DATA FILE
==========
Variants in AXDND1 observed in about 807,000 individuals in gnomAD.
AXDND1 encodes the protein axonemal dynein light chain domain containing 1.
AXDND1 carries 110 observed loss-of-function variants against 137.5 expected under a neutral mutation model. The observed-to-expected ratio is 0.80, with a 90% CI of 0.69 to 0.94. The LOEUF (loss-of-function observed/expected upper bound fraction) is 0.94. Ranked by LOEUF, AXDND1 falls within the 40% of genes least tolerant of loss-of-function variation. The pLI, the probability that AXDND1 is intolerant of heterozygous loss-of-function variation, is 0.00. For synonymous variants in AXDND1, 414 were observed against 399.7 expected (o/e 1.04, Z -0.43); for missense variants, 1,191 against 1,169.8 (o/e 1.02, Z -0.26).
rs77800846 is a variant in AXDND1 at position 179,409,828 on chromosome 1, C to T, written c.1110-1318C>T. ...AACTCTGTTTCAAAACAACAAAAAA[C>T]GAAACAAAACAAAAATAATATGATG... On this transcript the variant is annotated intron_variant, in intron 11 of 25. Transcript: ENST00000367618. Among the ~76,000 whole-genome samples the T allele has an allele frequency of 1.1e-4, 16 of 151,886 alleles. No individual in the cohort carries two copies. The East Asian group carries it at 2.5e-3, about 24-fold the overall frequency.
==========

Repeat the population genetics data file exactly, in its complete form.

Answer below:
Variants in AXDND1 observed in about 807,000 individuals in gnomAD.
AXDND1 encodes the protein axonemal dynein light chain domain containing 1.
AXDND1 carries 110 observed loss-of-function variants against 137.5 expected under a neutral mutation model. The observed-to-expected ratio is 0.80, with a 90% CI of 0.69 to 0.94. The LOEUF (loss-of-function observed/expected upper bound fraction) is 0.94. Ranked by LOEUF, AXDND1 falls within the 40% of genes least tolerant of loss-of-function variation. The pLI, the probability that AXDND1 is intolerant of heterozygous loss-of-function variation, is 0.00. For synonymous variants in AXDND1, 414 were observed against 399.7 expected (o/e 1.04, Z -0.43); for missense variants, 1,191 against 1,169.8 (o/e 1.02, Z -0.26).
rs77800846 is a variant in AXDND1 at position 179,409,828 on chromosome 1, C to T, written c.1110-1318C>T. ...AACTCTGTTTCAAAACAACAAAAAA[C>T]GAAACAAAACAAAAATAATATGATG... On this transcript the variant is annotated intron_variant, in intron 11 of 25. Transcript: ENST00000367618. Among the ~76,000 whole-genome samples the T allele has an allele frequency of 1.1e-4, 16 of 151,886 alleles. No individual in the cohort carries two copies. The East Asian group carries it at 2.5e-3, about 24-fold the overall frequency.